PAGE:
Condoleezza Rice gave vice presidential nominee Rep. Paul Ryan a boost Wednesday morning at a rally outside of Cleveland, the former secretary of state’s first public address on behalf of the GOP White House ticket since her lauded speech at the Republican National Convention in August.
Taking the stage ahead of of the Wisconsin congressman, Rice told the crowd at Baldwin Wallace University in Berea, Ohio, that “it’s been a rough decade or so” for the United States, domestically and abroad.
Rice said that “9/11 changed our conception of physical security” and that “the crisis of 2008 changed our conception of economic prosperity and security.”
She went on: “And the last four years have been very tough on folks who just want to work hard and make a living. … And so, when Mitt Romney and Paul Ryan say they’re going to put this country back to work, this is an urgent call, not one for which we can wait another four years.”
Rice reprised a line from her convention speech that “Americans have had a way of making the impossible seem inevitable in retrospect” and drew cheers when she added that the country’s principles have “always meant that we have not been a people who are constantly aggrieved. … And we didn’t give way to aggrievement’s twin brother, entitlement.”
The event marks Ryan’s second visit to the battleground state of Ohio this week; he held a rally at a hangar in Cincinnati on Monday. Rice, Ryan and Sen. Rob Portman (R-Ohio), who also spoke at the Berea rally, are expected to watch the Cleveland Browns at practice later Wednesday.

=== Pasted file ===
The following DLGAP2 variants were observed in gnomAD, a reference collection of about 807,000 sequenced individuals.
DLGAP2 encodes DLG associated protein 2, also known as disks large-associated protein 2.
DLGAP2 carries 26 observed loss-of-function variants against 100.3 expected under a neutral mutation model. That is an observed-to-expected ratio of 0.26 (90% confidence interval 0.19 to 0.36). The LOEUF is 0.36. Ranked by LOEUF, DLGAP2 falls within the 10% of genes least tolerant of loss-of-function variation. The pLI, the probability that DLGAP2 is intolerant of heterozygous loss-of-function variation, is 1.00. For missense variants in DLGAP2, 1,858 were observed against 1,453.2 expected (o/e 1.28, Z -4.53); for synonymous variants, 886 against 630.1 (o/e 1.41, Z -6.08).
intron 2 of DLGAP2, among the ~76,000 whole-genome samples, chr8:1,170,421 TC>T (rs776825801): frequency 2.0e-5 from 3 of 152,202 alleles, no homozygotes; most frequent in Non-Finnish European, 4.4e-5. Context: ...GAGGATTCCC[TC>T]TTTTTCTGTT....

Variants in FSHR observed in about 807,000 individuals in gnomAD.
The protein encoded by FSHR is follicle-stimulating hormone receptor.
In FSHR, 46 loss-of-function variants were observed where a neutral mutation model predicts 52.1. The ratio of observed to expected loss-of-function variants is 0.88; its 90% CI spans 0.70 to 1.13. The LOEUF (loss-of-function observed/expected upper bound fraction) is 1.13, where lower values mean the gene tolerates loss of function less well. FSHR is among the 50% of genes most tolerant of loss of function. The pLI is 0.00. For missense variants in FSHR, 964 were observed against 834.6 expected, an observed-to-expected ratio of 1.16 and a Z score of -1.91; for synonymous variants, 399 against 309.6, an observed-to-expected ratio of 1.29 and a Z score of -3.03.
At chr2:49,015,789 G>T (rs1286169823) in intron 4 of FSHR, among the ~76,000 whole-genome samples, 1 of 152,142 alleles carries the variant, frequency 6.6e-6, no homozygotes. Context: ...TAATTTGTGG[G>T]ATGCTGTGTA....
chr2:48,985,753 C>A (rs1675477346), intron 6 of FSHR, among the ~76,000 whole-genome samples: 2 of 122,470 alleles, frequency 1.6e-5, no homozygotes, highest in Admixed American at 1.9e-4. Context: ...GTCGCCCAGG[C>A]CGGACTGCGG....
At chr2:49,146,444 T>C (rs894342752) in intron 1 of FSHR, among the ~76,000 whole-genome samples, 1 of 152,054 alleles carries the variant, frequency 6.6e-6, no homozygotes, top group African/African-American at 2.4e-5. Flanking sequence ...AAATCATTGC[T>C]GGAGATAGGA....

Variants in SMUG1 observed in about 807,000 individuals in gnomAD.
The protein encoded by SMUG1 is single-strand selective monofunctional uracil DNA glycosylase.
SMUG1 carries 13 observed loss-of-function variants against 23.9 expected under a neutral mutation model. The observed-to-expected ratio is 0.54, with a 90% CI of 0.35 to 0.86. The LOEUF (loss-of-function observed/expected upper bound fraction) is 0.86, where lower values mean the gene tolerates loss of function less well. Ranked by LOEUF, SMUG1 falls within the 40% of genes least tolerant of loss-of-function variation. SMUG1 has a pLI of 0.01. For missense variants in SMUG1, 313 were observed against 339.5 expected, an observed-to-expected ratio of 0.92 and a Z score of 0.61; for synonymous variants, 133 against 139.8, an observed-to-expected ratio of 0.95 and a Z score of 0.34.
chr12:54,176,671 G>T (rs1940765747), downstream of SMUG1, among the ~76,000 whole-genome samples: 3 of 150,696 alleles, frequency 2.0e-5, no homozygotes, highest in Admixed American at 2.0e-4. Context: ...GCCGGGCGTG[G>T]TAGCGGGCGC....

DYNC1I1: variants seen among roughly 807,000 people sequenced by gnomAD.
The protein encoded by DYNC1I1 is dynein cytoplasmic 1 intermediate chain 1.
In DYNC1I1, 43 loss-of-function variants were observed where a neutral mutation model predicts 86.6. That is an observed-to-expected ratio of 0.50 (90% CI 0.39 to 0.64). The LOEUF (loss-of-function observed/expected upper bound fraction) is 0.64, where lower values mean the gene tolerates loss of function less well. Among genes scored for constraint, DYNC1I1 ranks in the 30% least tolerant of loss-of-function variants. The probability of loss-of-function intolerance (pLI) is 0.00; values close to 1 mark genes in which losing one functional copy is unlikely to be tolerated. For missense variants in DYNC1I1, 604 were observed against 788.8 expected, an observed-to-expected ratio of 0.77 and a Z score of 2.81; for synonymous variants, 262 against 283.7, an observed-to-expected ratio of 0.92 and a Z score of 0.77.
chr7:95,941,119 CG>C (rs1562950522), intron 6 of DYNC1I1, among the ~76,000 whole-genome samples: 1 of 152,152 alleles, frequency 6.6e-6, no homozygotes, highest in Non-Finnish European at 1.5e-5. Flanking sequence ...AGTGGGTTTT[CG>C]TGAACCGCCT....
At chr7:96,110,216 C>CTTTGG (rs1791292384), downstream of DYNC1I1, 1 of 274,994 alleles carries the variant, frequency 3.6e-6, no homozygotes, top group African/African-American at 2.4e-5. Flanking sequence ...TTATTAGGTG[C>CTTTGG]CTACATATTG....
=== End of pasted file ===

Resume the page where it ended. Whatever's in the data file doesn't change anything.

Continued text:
As he took the podium after Rice, whom he called “the embodiment of the American idea,” Ryan noted that it was his second time following the former secretary of state onstage — the first time was during the GOP convention. “It’s a little intimidating. Tough act to follow,” he said.
The crowd cheered when Ryan asked, “Didn’t Mitt Romney do a great job for us last night?”
And perhaps in an effort to do some damage control after Mitt Romney’s “binders full of women” comment at Tuesday night’s face-off, Ryan devoted much of his opening remarks on the the country’s economic downturn has affected women.
“You know, we had a discussion about how women are faring in this economy last night,” he said. “Five-and-a-half million women are still struggling for work in this economy. A half-million women more are unemployed today than when President Obama was sworn in. Twenty-six million women are trapped in poverty today. That’s the highest rate in 17 years. We need to get people back to work.”
Ryan heads Columbus Wednesday day night, where he’s expected to hold a roundtable at an Italian restaurant.